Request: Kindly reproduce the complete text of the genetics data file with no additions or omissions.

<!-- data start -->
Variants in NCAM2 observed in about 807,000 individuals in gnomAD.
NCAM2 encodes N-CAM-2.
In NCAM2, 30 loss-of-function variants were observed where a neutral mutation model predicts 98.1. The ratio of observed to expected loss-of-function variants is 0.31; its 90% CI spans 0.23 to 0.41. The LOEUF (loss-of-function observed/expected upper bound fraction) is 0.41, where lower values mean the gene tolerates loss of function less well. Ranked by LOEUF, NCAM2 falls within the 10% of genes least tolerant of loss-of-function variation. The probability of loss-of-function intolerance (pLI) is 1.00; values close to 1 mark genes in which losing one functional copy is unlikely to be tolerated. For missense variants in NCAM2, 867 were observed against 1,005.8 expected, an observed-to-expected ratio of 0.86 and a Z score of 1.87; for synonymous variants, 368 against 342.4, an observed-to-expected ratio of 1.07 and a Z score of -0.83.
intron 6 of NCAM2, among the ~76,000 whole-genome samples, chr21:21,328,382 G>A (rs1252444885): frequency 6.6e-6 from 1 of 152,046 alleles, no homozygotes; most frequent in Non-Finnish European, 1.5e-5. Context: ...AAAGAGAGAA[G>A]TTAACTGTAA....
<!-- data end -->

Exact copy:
Variants in NCAM2 observed in about 807,000 individuals in gnomAD.
NCAM2 encodes N-CAM-2.
In NCAM2, 30 loss-of-function variants were observed where a neutral mutation model predicts 98.1. The ratio of observed to expected loss-of-function variants is 0.31; its 90% CI spans 0.23 to 0.41. The LOEUF (loss-of-function observed/expected upper bound fraction) is 0.41, where lower values mean the gene tolerates loss of function less well. Ranked by LOEUF, NCAM2 falls within the 10% of genes least tolerant of loss-of-function variation. The probability of loss-of-function intolerance (pLI) is 1.00; values close to 1 mark genes in which losing one functional copy is unlikely to be tolerated. For missense variants in NCAM2, 867 were observed against 1,005.8 expected, an observed-to-expected ratio of 0.86 and a Z score of 1.87; for synonymous variants, 368 against 342.4, an observed-to-expected ratio of 1.07 and a Z score of -0.83.
intron 6 of NCAM2, among the ~76,000 whole-genome samples, chr21:21,328,382 G>A (rs1252444885): frequency 6.6e-6 from 1 of 152,046 alleles, no homozygotes; most frequent in Non-Finnish European, 1.5e-5. Context: ...AAAGAGAGAA[G>A]TTAACTGTAA....